Still, there is a way around this, and it means approaching things slightly differently. Many ICs, while often having a ‘host agency’ that they look to for most of their work, are effectively businesses in their own right. Tapping into this fact is by far the most effective method of attracting and retaining the best talent, and there are a few approaches you can take.
Give them the Tools to Work Remotely
The opportunity to work from home or even from the beach has been one of the principal drivers in the growth of ICs in travel – 69% cite it as a key factor – so cater to it. To work easily remotely, agents require a platform that consolidates everything they need into one place and is available, and works properly, on whatever device they choose to use.
In simple terms, this means providing them with a travel management app that answers their needs. Duty of care is obviously the first thing that springs to mind, and this needs to include not only functions for tracking travellers around the clock and alerts for those at risk but also the ability for agents to assess the situation on the ground before their clients ever touch down.
Alongside duty of care requirements, you should also look to furnish ICs with the same tools you use to ensure smooth travel for your own customers. This includes consolidated document delivery, access to flight and weather updates, and check-in guides. Doing so doesn’t just ensure your own clients receive the same excellent service – regardless of who’s delivering it – it also extends the same to agents private clients, making your business a much more attractive proposition.
Offer Them White Label Tech
As we’ve already mentioned, a lot of ICs are fully fledged businesses in their own right. However, what’s also true is the vast majority of them are sole traders, one-man bands operating from home or out of shared office space.
So, for most, their own itinerary app or travel management software is a long way out of reach financially. Many corporate travel agencies fail to recognise this for what it is: a golden opportunity to set yourself apart from competitors. How? By offering them a white label version of your own software.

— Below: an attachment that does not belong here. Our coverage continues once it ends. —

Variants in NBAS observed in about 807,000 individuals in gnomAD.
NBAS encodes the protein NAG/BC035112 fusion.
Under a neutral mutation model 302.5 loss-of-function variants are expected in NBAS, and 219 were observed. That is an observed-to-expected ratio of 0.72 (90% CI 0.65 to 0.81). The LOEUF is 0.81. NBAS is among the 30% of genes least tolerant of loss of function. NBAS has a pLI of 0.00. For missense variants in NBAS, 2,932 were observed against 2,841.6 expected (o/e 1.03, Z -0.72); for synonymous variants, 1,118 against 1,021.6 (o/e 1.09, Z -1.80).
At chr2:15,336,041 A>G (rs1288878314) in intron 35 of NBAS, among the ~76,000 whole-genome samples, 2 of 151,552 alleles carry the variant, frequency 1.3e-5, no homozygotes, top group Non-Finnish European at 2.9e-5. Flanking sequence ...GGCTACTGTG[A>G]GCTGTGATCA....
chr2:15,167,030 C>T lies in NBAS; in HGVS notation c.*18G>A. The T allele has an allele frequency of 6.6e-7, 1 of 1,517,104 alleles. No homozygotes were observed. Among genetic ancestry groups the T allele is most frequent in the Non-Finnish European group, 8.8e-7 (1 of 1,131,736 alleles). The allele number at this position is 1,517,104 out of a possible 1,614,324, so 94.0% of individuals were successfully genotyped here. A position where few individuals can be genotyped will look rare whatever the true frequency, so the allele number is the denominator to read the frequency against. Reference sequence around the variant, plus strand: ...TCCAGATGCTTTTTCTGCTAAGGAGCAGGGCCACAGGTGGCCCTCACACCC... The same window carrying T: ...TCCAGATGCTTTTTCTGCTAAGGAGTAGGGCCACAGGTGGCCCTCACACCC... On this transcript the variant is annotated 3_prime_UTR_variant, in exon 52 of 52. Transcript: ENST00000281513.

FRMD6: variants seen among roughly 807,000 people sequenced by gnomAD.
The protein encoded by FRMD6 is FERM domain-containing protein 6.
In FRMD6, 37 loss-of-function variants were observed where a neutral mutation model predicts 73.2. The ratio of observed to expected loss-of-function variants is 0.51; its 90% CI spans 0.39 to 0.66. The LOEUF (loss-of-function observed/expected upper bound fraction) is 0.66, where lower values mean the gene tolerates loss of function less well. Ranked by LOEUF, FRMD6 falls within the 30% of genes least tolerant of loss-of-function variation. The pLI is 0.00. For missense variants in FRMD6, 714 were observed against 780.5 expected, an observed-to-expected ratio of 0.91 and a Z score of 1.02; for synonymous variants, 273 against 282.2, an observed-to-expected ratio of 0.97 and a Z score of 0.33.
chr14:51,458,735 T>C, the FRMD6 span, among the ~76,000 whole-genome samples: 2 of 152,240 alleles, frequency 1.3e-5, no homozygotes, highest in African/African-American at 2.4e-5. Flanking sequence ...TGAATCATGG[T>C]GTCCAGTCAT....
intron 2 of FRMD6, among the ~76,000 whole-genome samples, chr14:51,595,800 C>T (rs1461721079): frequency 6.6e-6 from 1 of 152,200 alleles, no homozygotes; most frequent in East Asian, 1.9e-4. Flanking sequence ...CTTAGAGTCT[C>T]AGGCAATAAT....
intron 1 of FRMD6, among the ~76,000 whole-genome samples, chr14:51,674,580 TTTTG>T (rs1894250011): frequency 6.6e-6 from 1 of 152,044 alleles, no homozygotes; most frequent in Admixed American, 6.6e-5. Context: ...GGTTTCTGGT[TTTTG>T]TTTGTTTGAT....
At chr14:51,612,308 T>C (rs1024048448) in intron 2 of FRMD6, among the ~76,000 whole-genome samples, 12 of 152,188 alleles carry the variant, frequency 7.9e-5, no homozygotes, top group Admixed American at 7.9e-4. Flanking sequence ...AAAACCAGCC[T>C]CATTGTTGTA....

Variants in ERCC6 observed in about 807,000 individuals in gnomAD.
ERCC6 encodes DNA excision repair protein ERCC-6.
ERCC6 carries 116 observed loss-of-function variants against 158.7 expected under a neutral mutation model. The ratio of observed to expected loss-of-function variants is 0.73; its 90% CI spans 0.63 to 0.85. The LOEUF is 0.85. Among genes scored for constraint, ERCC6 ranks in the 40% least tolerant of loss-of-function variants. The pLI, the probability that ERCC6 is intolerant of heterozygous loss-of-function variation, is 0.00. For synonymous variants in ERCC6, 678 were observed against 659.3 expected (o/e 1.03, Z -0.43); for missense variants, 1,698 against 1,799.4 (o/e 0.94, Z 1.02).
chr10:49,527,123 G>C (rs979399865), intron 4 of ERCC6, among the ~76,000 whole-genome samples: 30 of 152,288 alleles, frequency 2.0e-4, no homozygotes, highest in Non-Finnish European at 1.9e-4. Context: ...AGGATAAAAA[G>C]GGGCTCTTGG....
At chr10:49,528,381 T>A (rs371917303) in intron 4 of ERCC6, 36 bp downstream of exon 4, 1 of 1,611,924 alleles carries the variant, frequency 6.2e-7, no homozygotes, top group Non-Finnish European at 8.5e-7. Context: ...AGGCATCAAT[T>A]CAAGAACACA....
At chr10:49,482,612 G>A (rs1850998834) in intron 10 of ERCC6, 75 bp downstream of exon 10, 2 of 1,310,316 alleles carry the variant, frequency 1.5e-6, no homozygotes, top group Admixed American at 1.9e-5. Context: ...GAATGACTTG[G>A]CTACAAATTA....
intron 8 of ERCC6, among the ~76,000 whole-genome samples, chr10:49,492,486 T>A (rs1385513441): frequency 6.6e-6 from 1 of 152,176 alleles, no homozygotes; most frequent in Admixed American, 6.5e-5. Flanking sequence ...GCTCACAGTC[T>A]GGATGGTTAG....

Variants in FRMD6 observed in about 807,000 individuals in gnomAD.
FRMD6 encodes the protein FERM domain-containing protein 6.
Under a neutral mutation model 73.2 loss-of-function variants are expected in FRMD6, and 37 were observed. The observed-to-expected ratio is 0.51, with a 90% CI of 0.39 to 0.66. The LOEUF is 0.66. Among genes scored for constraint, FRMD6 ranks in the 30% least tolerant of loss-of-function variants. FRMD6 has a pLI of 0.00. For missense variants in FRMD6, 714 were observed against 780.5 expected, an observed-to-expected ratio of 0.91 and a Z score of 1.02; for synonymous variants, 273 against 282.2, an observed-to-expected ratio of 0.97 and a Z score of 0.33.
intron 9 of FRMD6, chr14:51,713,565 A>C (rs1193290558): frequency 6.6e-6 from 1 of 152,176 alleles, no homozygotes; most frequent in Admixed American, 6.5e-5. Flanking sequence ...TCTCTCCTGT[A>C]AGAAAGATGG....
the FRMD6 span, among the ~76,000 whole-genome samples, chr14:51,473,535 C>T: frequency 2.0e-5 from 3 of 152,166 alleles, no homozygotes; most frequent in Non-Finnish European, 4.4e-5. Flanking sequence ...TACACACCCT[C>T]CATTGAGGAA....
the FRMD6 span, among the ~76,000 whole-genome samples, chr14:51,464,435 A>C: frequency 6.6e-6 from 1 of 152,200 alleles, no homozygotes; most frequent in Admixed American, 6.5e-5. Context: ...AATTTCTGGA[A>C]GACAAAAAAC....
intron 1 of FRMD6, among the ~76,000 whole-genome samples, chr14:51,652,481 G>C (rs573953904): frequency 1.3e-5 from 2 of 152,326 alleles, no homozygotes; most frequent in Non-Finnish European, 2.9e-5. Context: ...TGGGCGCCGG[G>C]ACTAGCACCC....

Giving ICs access to travel tech complete with their own branding and content, at a fraction of the cost of developing it themselves, is basically akin to giving them a first step on the ladder towards their own successful business. Not only is this likely to build great relationships with the ICs you want to work with, but it’s also highly unusual – marking you out as a great agency to work with.
Make Managing Their Finances Simple
As any freelancer knows, one of the most arduous aspects of beating your own path is managing the financial side. Keeping track of invoicing can be messy and time-consuming, particularly if you’re dealing with that on top of managing daily operations.
This is something you can help your agents with. If you’re using automated email invoicing with your own clients, offer ICs the same for their clients. Likewise, if you have access to an on-demand invoicing service, you should look to give agents access to it. Both will help your agents spend less time fruitlessly trawling through invoices and more time on the parts of corporate travel they got into the business for.
At Mantic Point, we can help you provide all of the services we’ve mentioned. So, if you’re serious about making the switch to using ICs, and don’t already have the technology you need, talk to us today about our travel apps and software.